But a game that could actually involve the player with the characters ends up being quite different from games-as-we-know-them-right-now. And it results in a player experience that’s vastly different from what most game players expect – the actions are less clear, world state space is deeper and murkier, and the players ideally need to really put themselves in the frame of mind of a genuine participant in order to really understand what’s going on. I hope this won’t pose too much of a challenge in presenting these kinds of works to traditional gaming audiences…

    By the way, Andrew – I love your final sentence. Can I steal it? ;)

  3. Dirk Scheuring Says:

    Rob, your doubts about game design requiring that the player more or less consciously enters a specific “frame of mind” before she plays a game are very understandable. I also think it won’t work that way. I think that the extra mental step has to be taken by the game designer, not the audience. And I think that the extra mental step ist to design in the lack of “right frame of mind” on the part of the player.

    To me, it simply is part of the dramatic conflict: There’s one character who won’t play along, and another character who has to make him change his mind. I think that writers of interactive drama have to learn to ask the same questions that ‘traditional’ dramatic writers ask themselves: Whose story is it? What are the goals – those of the characters as individuals, the goal of their conflict, and the overall goal of the story? Who is the character that has to change in order for the overall story goal to be reached? This allows for some conclusions that I believe are quite novel in the context of interaction design: it might turn out that it’s helpful for some scenarios to regard the character enacted by the computer as the main character of the story/interaction. And the (initial) goal of the character enacted by the human might be to just break the game. Then the goal of the conflict would be to get that character to change, in order for all the characters to be able to reach the overall story goal. And that’s what the design should be doing.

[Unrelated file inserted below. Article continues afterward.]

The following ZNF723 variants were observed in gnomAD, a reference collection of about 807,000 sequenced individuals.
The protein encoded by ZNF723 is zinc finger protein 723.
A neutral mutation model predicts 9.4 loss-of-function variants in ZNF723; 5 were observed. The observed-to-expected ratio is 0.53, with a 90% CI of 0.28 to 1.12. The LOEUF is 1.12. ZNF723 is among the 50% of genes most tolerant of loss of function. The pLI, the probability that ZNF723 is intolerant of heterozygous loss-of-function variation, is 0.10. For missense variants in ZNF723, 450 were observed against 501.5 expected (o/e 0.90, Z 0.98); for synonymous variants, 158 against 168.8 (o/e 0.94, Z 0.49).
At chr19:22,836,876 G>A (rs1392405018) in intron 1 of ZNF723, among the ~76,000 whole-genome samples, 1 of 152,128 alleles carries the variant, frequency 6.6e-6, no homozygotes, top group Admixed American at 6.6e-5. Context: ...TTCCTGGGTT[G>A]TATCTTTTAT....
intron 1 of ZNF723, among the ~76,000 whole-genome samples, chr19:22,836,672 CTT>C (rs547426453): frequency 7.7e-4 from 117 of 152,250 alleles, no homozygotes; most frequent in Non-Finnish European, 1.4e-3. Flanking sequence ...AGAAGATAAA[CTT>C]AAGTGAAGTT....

As an example, let’s twist your “Breakup” scenario one more time. Let’s assume the goal of the story/game is for the player to make an inheritance, and one condition to reach the goal is that she’s married to a certain computer character. Now the computer character declares the relationship to be over, and the human has to win it back… immediately you place the player in a position where insults won’t help at all. In sghort, the dramatics should be stacked in a way so that destructive behavior results in loss for the player – and not for arbitrary reasons, but as an integral, logical part of the story’s argument.

    It has rightfully – I think – been argued that artists should be programmers. But that coin does have a flipside: While I was educating myself about computer programming during the last years, I often had the impression that some programmers trying to design interactive characters assume that they already know everything there is to know about the development of (fictional) characters, about dialogue writing, character motivation, conflict – in fact, they seem to think that many things that ‘traditional’ writers usually spend a lot of time and effort to get any good at somehow come natural to programmers. Well, this is not the case. Just as an artist who wants to get into interactive drama needs to learn basic stuff such as that one man’s constant is another man’s variable (and why this matters in terms of program design), programmers who want to get into it need to learn basic dramatist stuff, like the fact that the ‘protagonist’ of a story isn’t necessarily its ‘main character’ (and why this matters in terms of story design). If true collaboration between artists and programmers is a desirable goal, then I’m pretty much convinced that the learning should be mutual.